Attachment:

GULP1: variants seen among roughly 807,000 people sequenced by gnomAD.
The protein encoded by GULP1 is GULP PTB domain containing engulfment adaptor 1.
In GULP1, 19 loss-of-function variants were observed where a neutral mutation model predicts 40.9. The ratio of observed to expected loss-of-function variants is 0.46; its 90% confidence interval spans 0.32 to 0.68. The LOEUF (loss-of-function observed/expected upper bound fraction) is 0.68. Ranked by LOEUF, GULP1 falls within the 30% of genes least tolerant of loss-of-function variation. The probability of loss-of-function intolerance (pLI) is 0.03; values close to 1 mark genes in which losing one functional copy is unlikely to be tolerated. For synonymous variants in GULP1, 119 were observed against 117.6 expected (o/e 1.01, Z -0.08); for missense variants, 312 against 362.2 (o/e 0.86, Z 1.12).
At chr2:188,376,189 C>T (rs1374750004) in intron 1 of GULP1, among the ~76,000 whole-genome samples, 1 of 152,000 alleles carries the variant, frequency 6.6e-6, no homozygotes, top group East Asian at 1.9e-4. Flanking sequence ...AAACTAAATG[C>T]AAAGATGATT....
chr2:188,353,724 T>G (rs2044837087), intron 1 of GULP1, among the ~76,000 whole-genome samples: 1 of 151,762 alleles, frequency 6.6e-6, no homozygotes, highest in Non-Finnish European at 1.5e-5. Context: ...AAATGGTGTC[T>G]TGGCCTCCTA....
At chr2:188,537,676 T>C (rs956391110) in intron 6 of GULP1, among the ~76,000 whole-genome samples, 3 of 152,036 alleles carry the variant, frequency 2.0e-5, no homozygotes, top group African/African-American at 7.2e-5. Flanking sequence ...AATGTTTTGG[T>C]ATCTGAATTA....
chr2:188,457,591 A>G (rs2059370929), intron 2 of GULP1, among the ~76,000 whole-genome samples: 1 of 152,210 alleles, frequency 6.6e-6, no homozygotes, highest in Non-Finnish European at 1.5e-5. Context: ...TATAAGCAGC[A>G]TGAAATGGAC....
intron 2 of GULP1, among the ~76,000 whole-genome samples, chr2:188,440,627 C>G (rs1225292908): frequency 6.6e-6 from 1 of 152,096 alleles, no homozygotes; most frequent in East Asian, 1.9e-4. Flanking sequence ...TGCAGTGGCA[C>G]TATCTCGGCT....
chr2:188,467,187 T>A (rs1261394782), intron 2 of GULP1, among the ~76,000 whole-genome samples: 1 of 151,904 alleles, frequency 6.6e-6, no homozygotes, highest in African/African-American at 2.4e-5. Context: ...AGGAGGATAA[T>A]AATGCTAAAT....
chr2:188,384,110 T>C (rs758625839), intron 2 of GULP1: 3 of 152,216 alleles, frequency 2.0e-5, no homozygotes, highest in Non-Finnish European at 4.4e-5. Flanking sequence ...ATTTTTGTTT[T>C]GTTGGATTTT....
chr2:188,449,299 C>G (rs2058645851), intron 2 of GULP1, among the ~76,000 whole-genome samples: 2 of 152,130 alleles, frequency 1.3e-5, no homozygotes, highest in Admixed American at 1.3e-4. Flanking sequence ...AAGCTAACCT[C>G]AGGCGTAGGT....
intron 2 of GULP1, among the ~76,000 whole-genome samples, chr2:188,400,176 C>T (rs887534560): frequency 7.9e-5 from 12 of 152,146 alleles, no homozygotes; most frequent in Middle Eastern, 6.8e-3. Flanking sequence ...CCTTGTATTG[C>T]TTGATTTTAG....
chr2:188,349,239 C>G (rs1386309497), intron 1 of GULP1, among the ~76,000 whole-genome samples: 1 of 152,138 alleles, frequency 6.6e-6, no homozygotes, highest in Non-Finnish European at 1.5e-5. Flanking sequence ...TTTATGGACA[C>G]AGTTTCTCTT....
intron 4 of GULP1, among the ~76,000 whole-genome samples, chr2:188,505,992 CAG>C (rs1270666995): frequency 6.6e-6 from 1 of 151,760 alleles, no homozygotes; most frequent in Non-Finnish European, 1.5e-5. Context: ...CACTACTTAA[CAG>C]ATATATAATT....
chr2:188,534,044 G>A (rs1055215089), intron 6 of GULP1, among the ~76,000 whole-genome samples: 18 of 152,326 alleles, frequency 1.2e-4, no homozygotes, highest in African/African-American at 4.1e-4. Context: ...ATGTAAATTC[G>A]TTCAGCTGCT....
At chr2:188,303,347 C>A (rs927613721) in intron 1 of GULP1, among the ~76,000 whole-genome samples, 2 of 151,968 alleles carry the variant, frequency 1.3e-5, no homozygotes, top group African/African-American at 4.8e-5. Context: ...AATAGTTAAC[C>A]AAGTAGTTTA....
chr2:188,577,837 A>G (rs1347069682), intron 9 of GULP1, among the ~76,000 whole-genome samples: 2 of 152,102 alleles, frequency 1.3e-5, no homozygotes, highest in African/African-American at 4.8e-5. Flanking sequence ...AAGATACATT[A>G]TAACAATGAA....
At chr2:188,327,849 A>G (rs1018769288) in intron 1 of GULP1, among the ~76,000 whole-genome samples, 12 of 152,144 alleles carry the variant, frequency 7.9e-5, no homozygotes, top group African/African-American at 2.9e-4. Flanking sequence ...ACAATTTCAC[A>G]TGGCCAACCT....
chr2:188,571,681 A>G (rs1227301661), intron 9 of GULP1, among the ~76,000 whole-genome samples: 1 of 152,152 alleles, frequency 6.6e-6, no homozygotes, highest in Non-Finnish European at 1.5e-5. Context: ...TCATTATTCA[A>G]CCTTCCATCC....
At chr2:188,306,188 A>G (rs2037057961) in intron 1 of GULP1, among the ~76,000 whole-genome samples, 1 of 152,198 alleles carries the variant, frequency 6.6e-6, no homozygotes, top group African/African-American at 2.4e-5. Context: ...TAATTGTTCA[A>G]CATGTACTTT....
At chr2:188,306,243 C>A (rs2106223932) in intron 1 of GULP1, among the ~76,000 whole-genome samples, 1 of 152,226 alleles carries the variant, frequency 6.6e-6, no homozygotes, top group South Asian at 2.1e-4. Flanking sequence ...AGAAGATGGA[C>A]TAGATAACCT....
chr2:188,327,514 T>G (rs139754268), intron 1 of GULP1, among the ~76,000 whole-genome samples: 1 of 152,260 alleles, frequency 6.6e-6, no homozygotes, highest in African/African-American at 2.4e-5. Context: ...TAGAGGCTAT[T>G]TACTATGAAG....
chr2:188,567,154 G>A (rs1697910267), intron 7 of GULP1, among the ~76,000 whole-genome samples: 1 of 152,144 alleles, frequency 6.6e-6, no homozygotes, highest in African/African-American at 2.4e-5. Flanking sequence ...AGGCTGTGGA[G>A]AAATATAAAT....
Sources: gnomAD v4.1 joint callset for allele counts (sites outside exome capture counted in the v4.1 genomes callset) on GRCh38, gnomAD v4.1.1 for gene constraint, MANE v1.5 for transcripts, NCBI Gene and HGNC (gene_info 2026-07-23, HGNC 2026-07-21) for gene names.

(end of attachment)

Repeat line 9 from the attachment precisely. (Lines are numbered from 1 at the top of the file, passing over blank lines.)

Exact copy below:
chr2:188,467,187 T>A (rs1261394782), intron 2 of GULP1, among the ~76,000 whole-genome samples: 1 of 151,904 alleles, frequency 6.6e-6, no homozygotes, highest in African/African-American at 2.4e-5. Context: ...AGGAGGATAA[T>A]AATGCTAAAT....